Friday, October 31, 2008

Simple Relief of Asthma and Sinusitis

You can relieve asthma and sinusitis simply by using a Neti Pot to irrigate your sinuses.

You fill the Neti Pot with warm salt water, turn your head to the side and just slightly face up, and place the Neti Pot tip into the upper nostril. Press it close and then tip the pot up so the salt water flows into the upper nostril and then back out of the lower.1 The water will loosen mucus2 and wash away dust and pollen.

It's a relief to expel the thick mucus and to be rid of the pressure it causes. This helps keep away chest congestion, too, because there's less mucus and pollutants draining into your bronchial tubes.

You can buy a Neti Pot on Amazon.com. I use a ceramic pot from Himalayan Institute. Mix a quarter teaspoon of salt with 8oz. of warm water to make the salt water. Be sure to use iodine-free salt. Kosher salt and sea salt work well.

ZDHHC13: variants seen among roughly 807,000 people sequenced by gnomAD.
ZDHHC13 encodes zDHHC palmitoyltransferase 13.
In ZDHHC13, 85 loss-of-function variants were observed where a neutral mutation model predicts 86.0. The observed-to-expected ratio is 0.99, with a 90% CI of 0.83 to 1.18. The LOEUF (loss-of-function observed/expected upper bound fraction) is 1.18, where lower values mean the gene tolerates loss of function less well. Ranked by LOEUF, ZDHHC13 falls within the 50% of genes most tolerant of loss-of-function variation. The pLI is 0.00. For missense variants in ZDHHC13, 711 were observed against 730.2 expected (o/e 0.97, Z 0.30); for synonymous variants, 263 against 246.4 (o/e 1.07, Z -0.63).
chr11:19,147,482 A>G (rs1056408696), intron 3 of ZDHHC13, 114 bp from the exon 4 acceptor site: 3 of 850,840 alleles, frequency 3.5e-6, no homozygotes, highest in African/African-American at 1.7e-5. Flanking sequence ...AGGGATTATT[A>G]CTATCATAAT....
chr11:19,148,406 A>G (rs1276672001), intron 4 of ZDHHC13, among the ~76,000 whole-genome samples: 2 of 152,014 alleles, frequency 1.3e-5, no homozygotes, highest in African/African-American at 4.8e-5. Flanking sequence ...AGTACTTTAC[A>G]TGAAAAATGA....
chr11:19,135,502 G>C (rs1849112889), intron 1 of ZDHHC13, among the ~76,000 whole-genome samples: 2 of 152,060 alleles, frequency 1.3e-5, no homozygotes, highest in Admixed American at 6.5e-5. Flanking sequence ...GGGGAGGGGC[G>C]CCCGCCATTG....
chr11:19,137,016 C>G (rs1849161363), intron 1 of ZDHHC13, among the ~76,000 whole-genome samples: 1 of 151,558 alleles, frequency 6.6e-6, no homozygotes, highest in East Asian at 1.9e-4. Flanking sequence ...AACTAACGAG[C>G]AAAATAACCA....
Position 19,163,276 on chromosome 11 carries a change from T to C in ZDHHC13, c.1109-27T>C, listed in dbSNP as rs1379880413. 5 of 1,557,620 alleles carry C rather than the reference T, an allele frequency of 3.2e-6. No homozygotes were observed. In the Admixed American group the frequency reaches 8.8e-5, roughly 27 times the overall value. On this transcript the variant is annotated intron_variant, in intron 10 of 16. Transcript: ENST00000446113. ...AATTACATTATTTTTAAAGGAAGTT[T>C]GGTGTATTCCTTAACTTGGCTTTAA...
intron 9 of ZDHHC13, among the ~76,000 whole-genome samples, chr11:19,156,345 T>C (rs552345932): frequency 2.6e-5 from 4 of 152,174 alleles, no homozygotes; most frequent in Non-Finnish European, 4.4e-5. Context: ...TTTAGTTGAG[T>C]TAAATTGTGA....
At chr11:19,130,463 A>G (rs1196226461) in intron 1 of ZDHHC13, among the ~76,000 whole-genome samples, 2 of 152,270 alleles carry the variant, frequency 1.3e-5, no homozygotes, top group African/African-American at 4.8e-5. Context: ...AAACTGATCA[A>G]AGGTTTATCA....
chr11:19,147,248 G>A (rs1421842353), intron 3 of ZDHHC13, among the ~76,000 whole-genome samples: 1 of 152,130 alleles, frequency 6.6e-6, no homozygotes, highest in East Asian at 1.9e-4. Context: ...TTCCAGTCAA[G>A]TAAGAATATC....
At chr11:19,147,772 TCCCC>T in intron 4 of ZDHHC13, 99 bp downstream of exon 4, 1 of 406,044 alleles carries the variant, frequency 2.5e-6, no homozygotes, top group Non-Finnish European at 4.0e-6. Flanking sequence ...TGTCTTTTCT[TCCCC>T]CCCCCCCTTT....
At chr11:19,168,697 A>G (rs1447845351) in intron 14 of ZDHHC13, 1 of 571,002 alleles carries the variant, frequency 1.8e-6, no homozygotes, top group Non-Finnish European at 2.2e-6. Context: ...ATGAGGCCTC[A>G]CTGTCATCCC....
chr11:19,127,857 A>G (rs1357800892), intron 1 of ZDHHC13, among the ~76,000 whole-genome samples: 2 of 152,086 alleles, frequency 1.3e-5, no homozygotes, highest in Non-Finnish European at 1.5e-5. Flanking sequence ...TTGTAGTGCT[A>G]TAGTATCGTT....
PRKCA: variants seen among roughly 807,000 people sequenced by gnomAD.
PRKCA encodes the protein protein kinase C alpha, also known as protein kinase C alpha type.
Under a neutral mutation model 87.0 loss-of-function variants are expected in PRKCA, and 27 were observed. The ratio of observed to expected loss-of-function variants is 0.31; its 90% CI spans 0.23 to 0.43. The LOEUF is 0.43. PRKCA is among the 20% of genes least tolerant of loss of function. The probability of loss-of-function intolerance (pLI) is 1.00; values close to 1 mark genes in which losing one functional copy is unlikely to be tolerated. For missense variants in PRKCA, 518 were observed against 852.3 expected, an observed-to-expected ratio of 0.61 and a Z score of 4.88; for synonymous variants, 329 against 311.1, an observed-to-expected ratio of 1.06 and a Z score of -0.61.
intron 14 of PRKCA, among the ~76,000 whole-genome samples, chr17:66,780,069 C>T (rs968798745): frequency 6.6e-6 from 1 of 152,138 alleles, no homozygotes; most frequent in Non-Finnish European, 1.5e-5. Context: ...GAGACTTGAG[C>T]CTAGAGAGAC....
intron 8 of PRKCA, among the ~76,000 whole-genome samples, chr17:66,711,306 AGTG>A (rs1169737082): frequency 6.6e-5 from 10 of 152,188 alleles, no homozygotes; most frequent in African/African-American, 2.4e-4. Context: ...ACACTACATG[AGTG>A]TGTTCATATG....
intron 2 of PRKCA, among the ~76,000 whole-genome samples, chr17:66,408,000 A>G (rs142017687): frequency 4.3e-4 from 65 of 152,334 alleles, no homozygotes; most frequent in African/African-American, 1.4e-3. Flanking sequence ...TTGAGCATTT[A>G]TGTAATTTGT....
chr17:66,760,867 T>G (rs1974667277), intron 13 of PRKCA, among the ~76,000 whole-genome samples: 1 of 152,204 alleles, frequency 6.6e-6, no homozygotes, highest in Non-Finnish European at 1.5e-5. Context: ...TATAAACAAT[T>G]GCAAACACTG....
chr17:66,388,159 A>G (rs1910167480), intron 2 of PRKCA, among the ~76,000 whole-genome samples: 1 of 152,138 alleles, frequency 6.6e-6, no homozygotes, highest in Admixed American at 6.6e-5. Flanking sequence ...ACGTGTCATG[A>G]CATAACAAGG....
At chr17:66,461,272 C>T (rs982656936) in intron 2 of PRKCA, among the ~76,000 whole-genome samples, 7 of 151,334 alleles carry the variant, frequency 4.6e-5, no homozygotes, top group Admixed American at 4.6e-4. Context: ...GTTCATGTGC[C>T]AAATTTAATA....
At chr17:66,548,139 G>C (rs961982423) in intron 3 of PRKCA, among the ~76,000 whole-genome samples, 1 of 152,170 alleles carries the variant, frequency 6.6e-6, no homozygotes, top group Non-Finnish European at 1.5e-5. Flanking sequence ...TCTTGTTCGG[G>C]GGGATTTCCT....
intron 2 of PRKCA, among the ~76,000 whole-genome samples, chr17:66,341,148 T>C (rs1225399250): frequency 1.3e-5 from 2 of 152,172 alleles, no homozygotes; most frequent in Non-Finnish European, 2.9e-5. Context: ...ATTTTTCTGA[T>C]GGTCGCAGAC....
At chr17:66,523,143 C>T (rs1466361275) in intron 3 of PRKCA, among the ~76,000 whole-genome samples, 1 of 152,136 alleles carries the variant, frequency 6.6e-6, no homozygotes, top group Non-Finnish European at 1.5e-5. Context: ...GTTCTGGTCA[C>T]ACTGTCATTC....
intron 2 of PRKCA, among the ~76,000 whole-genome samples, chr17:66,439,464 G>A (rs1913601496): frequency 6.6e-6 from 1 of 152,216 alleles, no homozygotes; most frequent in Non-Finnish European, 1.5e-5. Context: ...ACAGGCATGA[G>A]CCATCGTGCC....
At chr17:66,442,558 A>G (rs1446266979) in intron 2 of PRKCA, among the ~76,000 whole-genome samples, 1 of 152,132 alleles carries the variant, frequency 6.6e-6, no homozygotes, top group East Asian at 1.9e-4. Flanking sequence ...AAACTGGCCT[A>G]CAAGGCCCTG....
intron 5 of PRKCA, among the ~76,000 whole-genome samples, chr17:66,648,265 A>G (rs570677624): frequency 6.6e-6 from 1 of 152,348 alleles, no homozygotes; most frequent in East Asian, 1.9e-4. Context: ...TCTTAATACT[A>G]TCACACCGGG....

1 It might take a little trial and error to get the head and pot positioned so that the flow starts. You could be so congested that the water can't get through, in which case you might take a Sudaphed to open things up a bit.

2 "Mucus" has got to be the worst word I've used in this blog so far. I hated writing this post because of it. I almost stopped writing because I figured people would stop reading at about this point.

Sunday, October 26, 2008

How to Change the World

Every so often I read a post by someone who wants to change the world.  Usually the writer is a teenager or young adult.  Here's how I usually respond:
There isn't just one world. There are millions of little worlds. They're the bubbles each of us live in. Even though you're relatively young, I can guarantee that you've changed several worlds already:
  • Has anyone ever admired any of your artwork or blog posts?
  • Have you helped anyone with school work?
  • Have you consoled a friend through a difficult time?
  • Have you loved someone?
  • Have you been born?
That last one might seem like a stretch. But think about it from a different perspective -- you reinvented your parents' world.  You rocked their world. I know that because my daughter did that to my world. I no longer went to work just to save for retirement; instead I went to work to give her the best possible future.